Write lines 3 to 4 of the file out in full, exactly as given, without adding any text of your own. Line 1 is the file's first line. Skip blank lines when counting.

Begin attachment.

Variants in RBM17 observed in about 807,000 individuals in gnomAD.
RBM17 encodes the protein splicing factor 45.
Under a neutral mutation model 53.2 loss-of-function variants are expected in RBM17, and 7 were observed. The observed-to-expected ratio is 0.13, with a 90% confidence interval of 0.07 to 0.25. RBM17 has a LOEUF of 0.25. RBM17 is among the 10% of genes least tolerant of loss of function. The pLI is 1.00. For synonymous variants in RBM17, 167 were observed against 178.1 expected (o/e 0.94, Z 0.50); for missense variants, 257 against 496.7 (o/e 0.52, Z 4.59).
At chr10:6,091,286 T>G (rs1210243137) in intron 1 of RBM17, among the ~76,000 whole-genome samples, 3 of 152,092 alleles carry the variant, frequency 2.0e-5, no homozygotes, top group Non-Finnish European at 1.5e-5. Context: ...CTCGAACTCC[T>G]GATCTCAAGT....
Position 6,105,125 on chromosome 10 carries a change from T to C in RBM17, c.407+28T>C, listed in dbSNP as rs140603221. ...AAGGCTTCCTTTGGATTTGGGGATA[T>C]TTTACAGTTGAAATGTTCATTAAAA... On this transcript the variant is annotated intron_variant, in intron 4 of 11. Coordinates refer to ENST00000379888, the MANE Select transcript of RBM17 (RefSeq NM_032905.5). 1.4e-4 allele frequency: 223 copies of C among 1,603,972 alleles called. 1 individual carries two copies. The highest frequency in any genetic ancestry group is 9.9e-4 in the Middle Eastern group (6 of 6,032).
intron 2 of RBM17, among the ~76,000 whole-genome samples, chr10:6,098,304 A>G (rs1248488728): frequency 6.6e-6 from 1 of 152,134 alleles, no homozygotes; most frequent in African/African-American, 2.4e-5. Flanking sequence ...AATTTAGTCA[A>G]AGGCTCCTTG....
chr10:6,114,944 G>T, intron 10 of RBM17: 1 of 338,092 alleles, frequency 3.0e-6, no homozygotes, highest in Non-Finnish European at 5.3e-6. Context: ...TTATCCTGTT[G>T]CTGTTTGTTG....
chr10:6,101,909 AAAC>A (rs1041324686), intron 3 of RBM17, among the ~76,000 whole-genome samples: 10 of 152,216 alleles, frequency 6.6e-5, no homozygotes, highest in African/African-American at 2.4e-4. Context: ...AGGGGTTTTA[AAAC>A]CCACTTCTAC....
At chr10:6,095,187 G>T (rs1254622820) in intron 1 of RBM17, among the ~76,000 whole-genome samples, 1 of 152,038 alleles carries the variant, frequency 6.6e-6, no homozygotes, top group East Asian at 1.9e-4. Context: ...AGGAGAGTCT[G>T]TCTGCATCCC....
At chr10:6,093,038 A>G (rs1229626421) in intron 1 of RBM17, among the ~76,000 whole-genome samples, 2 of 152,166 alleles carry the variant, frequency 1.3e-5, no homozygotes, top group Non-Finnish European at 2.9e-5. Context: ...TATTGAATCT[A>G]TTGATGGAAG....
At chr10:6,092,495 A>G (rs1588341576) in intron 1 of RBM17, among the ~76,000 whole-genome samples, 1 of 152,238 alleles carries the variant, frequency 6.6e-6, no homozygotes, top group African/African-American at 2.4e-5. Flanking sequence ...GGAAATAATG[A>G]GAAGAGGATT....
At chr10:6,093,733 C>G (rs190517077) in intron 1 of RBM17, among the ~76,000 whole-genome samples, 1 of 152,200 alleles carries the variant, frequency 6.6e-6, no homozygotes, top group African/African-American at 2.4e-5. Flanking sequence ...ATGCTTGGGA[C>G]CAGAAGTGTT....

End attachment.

Under a neutral mutation model 53.2 loss-of-function variants are expected in RBM17, and 7 were observed. The observed-to-expected ratio is 0.13, with a 90% confidence interval of 0.07 to 0.25. RBM17 has a LOEUF of 0.25. RBM17 is among the 10% of genes least tolerant of loss of function. The pLI is 1.00. For synonymous variants in RBM17, 167 were observed against 178.1 expected (o/e 0.94, Z 0.50); for missense variants, 257 against 496.7 (o/e 0.52, Z 4.59).
At chr10:6,091,286 T>G (rs1210243137) in intron 1 of RBM17, among the ~76,000 whole-genome samples, 3 of 152,092 alleles carry the variant, frequency 2.0e-5, no homozygotes, top group Non-Finnish European at 1.5e-5. Context: ...CTCGAACTCC[T>G]GATCTCAAGT....